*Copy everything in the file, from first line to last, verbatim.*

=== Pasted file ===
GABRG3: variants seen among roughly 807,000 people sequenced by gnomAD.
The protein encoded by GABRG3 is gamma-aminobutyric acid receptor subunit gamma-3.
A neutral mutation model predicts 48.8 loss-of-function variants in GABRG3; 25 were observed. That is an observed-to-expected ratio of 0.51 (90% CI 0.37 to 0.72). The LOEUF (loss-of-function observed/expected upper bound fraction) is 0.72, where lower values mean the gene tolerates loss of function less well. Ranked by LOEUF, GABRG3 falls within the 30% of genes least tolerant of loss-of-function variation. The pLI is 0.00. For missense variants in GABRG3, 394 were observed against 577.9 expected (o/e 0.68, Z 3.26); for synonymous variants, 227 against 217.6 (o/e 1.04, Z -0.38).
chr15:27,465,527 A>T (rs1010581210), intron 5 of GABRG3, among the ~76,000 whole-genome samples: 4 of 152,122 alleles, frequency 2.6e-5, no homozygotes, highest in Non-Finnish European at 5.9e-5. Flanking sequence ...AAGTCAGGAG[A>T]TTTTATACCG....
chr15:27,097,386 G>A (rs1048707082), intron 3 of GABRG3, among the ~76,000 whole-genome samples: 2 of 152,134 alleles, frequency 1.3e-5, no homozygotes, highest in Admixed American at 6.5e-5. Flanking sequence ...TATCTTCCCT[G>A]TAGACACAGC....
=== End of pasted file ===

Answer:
GABRG3: variants seen among roughly 807,000 people sequenced by gnomAD.
The protein encoded by GABRG3 is gamma-aminobutyric acid receptor subunit gamma-3.
A neutral mutation model predicts 48.8 loss-of-function variants in GABRG3; 25 were observed. That is an observed-to-expected ratio of 0.51 (90% CI 0.37 to 0.72). The LOEUF (loss-of-function observed/expected upper bound fraction) is 0.72, where lower values mean the gene tolerates loss of function less well. Ranked by LOEUF, GABRG3 falls within the 30% of genes least tolerant of loss-of-function variation. The pLI is 0.00. For missense variants in GABRG3, 394 were observed against 577.9 expected (o/e 0.68, Z 3.26); for synonymous variants, 227 against 217.6 (o/e 1.04, Z -0.38).
chr15:27,465,527 A>T (rs1010581210), intron 5 of GABRG3, among the ~76,000 whole-genome samples: 4 of 152,122 alleles, frequency 2.6e-5, no homozygotes, highest in Non-Finnish European at 5.9e-5. Flanking sequence ...AAGTCAGGAG[A>T]TTTTATACCG....
chr15:27,097,386 G>A (rs1048707082), intron 3 of GABRG3, among the ~76,000 whole-genome samples: 2 of 152,134 alleles, frequency 1.3e-5, no homozygotes, highest in Admixed American at 6.5e-5. Flanking sequence ...TATCTTCCCT[G>A]TAGACACAGC....